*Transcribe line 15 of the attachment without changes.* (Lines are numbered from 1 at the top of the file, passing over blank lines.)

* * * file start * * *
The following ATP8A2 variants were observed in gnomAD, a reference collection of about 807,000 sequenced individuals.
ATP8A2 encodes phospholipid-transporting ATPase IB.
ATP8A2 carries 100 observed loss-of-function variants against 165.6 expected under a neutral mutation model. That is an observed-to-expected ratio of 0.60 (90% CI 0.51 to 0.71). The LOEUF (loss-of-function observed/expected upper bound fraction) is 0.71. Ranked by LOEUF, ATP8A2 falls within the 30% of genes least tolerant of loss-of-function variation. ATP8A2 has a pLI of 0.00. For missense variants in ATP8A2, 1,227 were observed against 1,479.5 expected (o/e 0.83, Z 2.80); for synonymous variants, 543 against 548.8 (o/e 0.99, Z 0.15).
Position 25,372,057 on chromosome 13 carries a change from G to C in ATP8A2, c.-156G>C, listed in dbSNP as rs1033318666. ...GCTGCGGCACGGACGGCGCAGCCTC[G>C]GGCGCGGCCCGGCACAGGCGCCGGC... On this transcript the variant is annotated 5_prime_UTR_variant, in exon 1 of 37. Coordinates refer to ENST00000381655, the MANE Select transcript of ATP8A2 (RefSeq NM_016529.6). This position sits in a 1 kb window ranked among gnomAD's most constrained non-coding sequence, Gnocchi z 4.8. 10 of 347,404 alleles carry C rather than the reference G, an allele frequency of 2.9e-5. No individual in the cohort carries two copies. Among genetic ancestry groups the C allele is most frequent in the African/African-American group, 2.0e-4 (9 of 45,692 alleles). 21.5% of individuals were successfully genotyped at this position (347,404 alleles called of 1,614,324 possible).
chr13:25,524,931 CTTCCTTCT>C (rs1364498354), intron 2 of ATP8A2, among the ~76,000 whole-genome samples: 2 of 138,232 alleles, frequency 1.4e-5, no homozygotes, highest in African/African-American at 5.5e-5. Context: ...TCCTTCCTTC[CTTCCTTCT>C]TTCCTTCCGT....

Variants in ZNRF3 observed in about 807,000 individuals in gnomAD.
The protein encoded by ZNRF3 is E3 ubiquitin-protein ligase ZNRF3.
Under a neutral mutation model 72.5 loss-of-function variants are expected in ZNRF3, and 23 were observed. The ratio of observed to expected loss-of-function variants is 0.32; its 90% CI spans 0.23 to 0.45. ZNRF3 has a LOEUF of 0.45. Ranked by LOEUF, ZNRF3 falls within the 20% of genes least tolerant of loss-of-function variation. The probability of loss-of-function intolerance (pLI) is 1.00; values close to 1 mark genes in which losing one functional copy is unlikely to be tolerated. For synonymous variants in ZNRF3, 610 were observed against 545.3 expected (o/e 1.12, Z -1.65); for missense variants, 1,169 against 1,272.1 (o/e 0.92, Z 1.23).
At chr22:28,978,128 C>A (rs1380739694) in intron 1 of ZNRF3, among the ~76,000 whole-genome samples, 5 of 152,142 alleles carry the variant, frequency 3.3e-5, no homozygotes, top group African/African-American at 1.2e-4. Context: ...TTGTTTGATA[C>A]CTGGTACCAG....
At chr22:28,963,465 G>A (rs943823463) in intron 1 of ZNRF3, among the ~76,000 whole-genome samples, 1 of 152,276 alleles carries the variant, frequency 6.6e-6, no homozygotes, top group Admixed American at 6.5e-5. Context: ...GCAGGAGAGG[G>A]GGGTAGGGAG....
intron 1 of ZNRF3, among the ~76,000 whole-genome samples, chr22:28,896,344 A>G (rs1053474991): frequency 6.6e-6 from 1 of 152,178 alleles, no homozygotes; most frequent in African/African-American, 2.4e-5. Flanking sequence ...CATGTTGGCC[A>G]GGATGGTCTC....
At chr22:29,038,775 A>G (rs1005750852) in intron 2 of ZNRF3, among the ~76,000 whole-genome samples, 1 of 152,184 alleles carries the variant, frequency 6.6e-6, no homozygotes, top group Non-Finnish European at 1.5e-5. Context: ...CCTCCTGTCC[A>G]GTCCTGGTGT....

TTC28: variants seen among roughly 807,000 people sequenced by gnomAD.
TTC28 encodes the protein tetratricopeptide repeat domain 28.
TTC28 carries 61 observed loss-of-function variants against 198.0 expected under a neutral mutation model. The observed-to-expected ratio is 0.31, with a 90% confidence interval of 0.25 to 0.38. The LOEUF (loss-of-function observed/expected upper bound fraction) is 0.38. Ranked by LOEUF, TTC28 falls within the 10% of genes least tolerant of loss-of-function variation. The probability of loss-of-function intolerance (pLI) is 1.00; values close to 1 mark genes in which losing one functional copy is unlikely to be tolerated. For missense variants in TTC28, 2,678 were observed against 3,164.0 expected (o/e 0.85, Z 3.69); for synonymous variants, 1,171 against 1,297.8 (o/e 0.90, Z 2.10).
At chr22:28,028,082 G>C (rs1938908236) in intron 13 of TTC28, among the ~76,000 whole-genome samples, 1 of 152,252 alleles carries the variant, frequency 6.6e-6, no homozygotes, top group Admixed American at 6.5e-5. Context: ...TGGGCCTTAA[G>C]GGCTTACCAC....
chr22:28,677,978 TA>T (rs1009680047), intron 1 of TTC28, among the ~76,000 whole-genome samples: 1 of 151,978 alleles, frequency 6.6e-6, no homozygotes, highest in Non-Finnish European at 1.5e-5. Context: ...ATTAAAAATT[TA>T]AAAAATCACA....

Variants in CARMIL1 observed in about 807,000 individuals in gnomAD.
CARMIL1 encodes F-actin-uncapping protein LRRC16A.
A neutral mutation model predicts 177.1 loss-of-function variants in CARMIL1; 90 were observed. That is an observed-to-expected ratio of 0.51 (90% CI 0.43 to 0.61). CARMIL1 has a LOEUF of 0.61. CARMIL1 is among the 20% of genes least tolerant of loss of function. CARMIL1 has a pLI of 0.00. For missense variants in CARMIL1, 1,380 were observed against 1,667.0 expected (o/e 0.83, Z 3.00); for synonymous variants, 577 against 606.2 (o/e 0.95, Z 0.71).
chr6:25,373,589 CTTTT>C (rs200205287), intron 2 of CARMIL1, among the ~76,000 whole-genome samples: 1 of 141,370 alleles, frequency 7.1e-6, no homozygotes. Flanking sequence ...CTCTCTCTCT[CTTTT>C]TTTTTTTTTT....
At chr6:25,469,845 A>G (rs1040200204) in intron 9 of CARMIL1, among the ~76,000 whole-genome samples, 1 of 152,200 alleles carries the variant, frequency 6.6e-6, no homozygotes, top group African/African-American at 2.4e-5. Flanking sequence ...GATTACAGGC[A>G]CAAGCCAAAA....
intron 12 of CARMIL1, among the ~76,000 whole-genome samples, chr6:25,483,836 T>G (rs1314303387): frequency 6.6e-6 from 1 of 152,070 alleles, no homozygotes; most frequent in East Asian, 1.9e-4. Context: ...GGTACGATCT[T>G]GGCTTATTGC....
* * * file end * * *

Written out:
TTC28 carries 61 observed loss-of-function variants against 198.0 expected under a neutral mutation model. The observed-to-expected ratio is 0.31, with a 90% confidence interval of 0.25 to 0.38. The LOEUF (loss-of-function observed/expected upper bound fraction) is 0.38. Ranked by LOEUF, TTC28 falls within the 10% of genes least tolerant of loss-of-function variation. The probability of loss-of-function intolerance (pLI) is 1.00; values close to 1 mark genes in which losing one functional copy is unlikely to be tolerated. For missense variants in TTC28, 2,678 were observed against 3,164.0 expected (o/e 0.85, Z 3.69); for synonymous variants, 1,171 against 1,297.8 (o/e 0.90, Z 2.10).